Saturday 21 April 2018

Catholic school teacher forced to hide identity to enter wedding competition with partner of eight years

"We may not be able to afford our dream wedding, but neither can she afford to risk her career"

Clare Cullen

Clare Cullen

Newstalk's social media competition to win the 'Ultimate Wedding' is operating under the premise of being 'Open To All' - despite existing legislation which has limited the entrants.

Newstalk posted five finalists to the Moncrieff Show's 'Open To All' competition to win a wedding and one couple became the main talking point online.

The competition called for couples to create a lip-sync video together in order to win the prize, which could be used for a wedding - or, in the case of non-engaged couples, a stunning proposal.

'Pixel' was the only entrant out of ten total whose face was blurred and whose real name was not used in the video.

The video was submitted this way by the same-sex couple, who have been together for eight years and engaged for two.

Posting their entry to YouTube, they wrote:

"We were so excited to enter this competition and have the chance to plan a brilliant day for all our friends and family."

They went on to explain their choice to hide 'Pixel's real identity.

"Pixel is a teacher in a Catholic school, and as such is subject to Section 37 of the Equality Employment Act. This states that any employee of an institution may be dismissed from their job for not upholding the ethos of that institution.

"So instead of bowing out, we've entered, in the best way we could, by preserving Pixel's anonymity, and hoping to win despite the unfairness and ridiculousness of the legislation."

Equality Minister Aodhan O'Riordain told that the move was a "chilling effect" of Section 37 of the Employment Equality Act.

"This is the reality of what this Act does - many teachers feel they cannot be themselves."

"As a backbencher, we drafted an amendment to this act and as the Equality Minister, I'm seeing it over the line.

"We hope to have it in place by Easter, summer at the latest."

The amendment will affect teachers and other staff of institutions with "religious ethos" only from the date of enactment.

"The act doesn't mean they can fire you - it means that they could discipline you, and your promotion prospects could be curtailed."

Speaking about 'Pixel', O'Riordain says he understands why "teachers are anxious".

"This is a real fear teachers have," he told

"If she was in a temporary position, she could be refused a permanent one. If she wanted more responsibility or a change in her work, it is within the rights of the school not to facilitate... If she wanted to move school... they could say, 'we know her to be gay'.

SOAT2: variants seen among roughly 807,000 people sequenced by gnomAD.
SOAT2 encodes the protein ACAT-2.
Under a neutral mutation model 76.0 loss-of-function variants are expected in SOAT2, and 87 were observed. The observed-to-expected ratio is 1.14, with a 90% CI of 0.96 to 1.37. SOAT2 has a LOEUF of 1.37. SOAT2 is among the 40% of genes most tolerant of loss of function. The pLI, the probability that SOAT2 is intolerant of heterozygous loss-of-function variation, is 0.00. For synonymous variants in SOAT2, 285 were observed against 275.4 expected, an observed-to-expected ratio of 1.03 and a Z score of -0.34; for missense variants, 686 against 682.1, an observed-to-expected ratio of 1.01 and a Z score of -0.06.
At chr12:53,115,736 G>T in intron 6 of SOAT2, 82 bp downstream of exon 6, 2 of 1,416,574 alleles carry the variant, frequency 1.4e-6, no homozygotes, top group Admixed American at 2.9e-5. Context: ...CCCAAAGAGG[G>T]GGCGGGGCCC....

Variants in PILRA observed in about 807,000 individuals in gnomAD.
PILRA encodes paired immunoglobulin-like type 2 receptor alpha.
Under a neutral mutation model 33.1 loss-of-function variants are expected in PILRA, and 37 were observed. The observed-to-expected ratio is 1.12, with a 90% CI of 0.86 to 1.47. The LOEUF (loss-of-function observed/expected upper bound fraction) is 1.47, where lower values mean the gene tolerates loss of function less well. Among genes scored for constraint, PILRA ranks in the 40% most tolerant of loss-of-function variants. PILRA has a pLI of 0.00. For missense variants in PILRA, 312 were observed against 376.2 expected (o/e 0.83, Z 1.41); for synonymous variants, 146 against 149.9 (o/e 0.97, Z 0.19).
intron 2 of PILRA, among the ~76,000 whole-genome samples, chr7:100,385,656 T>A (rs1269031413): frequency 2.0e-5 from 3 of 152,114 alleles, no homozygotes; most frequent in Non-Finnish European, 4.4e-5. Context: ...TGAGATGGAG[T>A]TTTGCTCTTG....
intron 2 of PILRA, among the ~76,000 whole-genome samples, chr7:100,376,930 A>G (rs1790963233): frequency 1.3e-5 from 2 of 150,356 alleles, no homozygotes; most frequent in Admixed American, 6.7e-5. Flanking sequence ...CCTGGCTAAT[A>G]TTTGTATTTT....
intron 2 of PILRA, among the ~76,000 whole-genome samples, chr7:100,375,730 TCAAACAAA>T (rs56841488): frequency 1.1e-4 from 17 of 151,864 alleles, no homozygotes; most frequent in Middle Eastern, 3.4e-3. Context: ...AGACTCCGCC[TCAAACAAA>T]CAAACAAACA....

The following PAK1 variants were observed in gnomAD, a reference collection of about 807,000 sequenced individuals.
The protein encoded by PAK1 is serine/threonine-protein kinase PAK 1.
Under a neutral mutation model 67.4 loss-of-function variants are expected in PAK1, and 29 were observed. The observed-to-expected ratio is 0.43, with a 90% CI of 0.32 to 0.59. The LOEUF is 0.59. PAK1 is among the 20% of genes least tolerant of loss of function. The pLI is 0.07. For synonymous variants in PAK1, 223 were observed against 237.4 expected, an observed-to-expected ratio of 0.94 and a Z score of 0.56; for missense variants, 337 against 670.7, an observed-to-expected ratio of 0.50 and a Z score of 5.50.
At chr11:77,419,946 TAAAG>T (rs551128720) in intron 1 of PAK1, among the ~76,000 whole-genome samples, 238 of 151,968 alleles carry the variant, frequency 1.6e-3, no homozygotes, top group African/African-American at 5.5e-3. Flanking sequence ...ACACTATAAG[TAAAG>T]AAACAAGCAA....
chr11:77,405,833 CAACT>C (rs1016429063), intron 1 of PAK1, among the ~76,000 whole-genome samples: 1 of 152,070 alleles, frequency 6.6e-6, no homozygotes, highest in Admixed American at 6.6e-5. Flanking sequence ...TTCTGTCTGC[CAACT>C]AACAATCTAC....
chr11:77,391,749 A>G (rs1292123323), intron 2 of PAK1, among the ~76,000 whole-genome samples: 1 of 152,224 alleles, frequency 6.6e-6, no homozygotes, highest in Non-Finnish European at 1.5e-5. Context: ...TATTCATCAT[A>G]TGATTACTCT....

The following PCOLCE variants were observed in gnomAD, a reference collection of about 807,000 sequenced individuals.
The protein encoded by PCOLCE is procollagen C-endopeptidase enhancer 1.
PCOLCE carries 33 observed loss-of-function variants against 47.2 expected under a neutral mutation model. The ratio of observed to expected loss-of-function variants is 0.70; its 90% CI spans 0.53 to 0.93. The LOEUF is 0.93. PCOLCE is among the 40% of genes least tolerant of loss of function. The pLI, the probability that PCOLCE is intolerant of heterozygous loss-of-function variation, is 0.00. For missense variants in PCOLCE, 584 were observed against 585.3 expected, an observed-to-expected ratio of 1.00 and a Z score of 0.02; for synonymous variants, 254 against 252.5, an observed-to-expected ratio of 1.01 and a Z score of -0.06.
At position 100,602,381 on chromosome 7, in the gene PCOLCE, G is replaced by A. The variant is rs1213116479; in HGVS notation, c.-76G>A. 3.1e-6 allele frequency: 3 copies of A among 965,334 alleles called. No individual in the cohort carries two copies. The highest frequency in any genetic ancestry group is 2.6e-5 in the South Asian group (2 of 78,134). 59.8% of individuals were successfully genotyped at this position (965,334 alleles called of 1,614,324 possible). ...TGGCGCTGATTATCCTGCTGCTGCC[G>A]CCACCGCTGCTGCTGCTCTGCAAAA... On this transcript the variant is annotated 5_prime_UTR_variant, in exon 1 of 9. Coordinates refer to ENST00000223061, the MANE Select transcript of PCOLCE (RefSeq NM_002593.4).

"I live in Ireland. For every unusual, bizarre, outdated thing... there is always a body that demands that status quo remains.

"I haven't seen a clamouring of the populace, calling for this to be changed... We, as a party, have tried, and there's been an awful lot of opposition.

"As long as people are comfortable with a system heavily... under one ethos... this will continue, and people shouldn't be surprised." 

Section 37 of the Employment Equality Act allows certain institutions the right to "discriminate positively to protect their ethos", which "affects anybody who is in conflict of that ethos" - i.e. staff in Catholic-run schools and institutions that are gay, divorced, or unmarried.

An amendment has been proposed but is not expected to come into effect until later this year.

"It's a hard balance between the right of the schools with the right of the worker to be themselves."

Speaking to, Newstalk 106-108 said that the "competition is Open to All – to all couples gay or straight and we encouraged all entries to embrace this".

"Caoimhe and ‘Pixel’ entered the competition and part of their entry they wrote:

“It’s clear to see that the Moncrieff team have put openness and diversity at the heart of this competition, and we were devastated when at the eleventh hour... it dawned on us … Pixel is a teacher in a Catholic school and... outing her publicly in this video could cost her her job. 

After much to-ing and fro-ing, weighing up the risks and potential rewards of entering, we decided to go for the safer option of not showing Pixel’s face, and not giving you her real name. We may not be able to afford our dream wedding, but neither can she afford to risk her career.”

The winner of the competition will be announced on February 13th following a public vote and a judging panel.

The prize includes a honeymoon to San Francisco.

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